5. The Palace of the Snow Queen: Winter Travels in Lapland, by Barbara Sjoholm
The Palace of the Snow Queen: Winter Travels in LaplandBarbara Sjoholm set off one winter to explore this arctic region — then spent two more coming back and learning about it more. In the process, she unearths the region’s rich history and dives into the tension between tourism, mining, and land use. Her book dives deep into the Samis, local indigenous population and their struggle to maintain their culture in the modern era. As a lover of all things Scandinavian, it was really nice to read about an area and people of the region not often given the attention they deserve. As much as I thought I knew about this region, reading this book taught me a lot – and showed me how much I still had to learn. Well written and insightful, you should definitely pick up this book.

6. The Not-Quite States of America, by Doug Mack
The Not-Quite States of America: Dispatches from the Territories and Other Far-Flung Outposts of the USAThe United States of America is more than just 50 states. There’s also the non-states of American Samoa, Guam, the Northern Mariana Islands, Puerto Rico, and the US Virgin Islands. In this funny, detailed, fact-rich book, Doug Mack explores these territories largely forgotten by the rest of the country, which play a more important role in our country than we realize. I had the pleasure of listening to Doug talk about his book in NYC, and he’s a wealth of knowledge — just like his book! This one of those travel books that expands your mind about the place you don’t really know. In many ways it reminded me of The Geography of Bliss in its approach. If you liked that book, you’ll like this book too!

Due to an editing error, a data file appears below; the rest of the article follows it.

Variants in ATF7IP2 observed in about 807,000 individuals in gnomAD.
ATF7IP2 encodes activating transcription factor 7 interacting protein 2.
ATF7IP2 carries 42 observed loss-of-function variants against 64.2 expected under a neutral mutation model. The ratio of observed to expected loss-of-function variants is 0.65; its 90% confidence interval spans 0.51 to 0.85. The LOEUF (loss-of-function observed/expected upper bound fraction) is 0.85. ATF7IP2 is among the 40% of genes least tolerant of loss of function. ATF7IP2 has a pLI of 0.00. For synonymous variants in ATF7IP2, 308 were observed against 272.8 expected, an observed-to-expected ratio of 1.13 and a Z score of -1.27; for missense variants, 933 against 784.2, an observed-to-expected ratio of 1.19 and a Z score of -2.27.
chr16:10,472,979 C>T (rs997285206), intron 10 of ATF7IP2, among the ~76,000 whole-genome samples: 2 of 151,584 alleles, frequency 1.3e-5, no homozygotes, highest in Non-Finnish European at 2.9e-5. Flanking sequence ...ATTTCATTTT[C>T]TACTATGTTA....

7. The Caliph’s House: A Year in Casablanca, by Tahir Shah
The Caliph's House: A Year in CasablancaInspired by the Moroccan vacations of his childhood, Shah decides to buy a house in Casablanca. He moves his family from England in hopes of breaking out from the monotony of life in London as well as exposing his children to a more carefree childhood. I randomly picked this up in a bookstore and couldn’t put it down. Shah is an engrossing writer and I was glued to every word. While dealing with corruption, the local bureaucracy, thieves, gangsters, jinns causing havoc, and the hassle that seems to come with even the most simple interactions, Shah weaves a story that is simply one of the best I’ve read all year. It’s beautifully written and endlessly enthralling. You must go buy this book!